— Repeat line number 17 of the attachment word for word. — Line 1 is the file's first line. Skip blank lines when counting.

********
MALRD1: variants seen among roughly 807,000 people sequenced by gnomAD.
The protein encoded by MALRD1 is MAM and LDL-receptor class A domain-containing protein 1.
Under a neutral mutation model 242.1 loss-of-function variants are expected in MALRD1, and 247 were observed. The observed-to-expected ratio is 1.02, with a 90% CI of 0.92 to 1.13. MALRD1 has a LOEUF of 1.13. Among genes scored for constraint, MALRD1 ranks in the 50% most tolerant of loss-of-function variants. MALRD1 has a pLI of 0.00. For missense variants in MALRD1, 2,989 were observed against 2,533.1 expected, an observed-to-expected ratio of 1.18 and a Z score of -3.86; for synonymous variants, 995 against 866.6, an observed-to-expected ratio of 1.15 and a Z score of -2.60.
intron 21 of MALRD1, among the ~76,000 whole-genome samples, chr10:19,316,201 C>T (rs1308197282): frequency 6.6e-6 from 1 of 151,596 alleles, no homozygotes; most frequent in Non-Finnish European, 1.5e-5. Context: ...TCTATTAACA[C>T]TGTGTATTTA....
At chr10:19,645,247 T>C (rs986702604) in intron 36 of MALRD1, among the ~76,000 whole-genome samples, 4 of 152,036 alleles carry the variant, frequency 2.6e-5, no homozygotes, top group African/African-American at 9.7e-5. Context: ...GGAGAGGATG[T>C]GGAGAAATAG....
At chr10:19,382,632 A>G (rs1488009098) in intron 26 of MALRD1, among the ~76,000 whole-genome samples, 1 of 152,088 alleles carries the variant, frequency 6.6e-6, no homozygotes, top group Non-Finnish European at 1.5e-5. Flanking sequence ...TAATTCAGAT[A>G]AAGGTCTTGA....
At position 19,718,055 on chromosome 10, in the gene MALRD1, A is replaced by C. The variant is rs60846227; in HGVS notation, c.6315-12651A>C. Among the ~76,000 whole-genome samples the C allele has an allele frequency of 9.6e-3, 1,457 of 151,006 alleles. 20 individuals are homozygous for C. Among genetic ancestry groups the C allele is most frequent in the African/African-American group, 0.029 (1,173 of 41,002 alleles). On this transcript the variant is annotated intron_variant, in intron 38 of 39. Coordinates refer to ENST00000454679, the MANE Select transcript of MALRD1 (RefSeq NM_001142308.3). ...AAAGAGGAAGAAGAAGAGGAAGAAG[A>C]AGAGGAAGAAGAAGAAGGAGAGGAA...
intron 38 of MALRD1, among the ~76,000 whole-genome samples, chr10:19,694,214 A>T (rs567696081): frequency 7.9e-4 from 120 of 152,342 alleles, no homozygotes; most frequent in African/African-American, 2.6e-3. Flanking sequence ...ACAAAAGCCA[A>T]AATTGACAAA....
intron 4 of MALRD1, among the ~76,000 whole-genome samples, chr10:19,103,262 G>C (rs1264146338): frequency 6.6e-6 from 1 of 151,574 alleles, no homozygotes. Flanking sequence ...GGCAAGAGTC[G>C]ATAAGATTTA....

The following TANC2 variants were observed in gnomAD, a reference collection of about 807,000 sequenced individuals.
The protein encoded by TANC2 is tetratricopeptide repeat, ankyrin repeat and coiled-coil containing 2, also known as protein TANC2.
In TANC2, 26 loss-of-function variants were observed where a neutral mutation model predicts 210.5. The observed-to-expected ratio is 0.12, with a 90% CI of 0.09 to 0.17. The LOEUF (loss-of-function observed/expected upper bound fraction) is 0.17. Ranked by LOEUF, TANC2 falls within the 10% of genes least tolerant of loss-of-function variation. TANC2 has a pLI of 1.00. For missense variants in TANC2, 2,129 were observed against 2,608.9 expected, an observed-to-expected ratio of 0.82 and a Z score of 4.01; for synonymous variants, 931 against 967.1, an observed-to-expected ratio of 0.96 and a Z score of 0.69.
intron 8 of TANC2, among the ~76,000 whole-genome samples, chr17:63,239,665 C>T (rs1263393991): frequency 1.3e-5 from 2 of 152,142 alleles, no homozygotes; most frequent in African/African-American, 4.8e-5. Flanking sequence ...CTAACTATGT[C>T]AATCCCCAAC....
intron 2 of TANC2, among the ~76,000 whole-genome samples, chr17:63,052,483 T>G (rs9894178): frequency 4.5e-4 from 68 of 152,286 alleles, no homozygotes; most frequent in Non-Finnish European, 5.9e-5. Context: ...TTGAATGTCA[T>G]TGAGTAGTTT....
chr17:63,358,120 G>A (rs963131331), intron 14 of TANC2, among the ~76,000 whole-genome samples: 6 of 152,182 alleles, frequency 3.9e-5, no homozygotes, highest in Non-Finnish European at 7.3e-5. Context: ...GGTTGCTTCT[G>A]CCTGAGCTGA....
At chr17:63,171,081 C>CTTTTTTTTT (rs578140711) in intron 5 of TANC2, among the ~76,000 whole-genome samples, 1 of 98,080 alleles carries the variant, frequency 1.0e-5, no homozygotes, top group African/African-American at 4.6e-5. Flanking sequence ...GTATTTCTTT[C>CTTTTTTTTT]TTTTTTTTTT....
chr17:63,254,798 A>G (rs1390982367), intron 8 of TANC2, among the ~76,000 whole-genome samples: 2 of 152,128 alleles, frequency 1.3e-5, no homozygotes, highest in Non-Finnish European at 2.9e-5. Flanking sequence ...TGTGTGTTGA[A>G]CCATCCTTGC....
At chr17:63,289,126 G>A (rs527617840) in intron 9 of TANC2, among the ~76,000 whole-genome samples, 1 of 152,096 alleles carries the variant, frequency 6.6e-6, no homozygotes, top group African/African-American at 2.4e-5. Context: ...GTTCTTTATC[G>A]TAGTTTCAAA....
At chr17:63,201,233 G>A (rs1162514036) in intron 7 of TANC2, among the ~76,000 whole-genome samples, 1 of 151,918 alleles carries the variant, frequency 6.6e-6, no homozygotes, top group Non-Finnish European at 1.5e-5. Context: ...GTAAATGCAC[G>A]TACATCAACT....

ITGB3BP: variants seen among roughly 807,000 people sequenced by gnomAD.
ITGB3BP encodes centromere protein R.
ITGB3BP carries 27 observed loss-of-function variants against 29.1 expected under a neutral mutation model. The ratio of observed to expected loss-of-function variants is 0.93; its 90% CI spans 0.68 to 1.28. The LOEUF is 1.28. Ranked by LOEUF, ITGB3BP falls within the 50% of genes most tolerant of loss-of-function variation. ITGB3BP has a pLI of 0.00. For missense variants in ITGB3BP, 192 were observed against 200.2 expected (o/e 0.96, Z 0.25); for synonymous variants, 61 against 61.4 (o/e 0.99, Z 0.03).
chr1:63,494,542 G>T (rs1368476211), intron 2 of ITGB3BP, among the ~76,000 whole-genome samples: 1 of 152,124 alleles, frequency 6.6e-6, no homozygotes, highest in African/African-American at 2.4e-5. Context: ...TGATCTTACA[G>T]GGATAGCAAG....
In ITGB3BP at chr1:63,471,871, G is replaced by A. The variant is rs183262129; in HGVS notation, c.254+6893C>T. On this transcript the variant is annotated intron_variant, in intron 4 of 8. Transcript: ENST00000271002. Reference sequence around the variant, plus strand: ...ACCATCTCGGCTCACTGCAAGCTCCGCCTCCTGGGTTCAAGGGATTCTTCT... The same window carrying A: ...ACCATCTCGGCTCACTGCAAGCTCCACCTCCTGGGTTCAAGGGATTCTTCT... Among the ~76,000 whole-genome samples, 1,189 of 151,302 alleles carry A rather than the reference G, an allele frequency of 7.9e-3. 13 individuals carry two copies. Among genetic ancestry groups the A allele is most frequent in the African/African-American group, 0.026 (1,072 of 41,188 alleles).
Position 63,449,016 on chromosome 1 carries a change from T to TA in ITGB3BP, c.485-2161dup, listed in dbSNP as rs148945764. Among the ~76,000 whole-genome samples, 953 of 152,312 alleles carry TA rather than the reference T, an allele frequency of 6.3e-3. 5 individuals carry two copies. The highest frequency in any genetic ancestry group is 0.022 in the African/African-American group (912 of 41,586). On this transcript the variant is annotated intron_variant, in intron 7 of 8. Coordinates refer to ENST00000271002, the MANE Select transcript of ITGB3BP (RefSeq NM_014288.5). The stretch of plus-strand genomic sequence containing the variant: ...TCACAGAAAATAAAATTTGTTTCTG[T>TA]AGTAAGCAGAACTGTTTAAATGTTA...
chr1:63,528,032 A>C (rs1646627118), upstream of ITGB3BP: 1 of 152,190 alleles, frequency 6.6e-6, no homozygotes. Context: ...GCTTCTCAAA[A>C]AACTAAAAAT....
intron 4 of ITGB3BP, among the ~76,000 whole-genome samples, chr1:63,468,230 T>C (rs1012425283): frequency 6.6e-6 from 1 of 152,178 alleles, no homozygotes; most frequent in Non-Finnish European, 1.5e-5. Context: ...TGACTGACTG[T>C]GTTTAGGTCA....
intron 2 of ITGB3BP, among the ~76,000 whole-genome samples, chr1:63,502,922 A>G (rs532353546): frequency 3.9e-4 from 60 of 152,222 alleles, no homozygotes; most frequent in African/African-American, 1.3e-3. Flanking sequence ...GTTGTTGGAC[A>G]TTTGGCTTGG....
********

chr17:63,254,798 A>G (rs1390982367), intron 8 of TANC2, among the ~76,000 whole-genome samples: 2 of 152,128 alleles, frequency 1.3e-5, no homozygotes, highest in Non-Finnish European at 2.9e-5. Flanking sequence ...TGTGTGTTGA[A>G]CCATCCTTGC....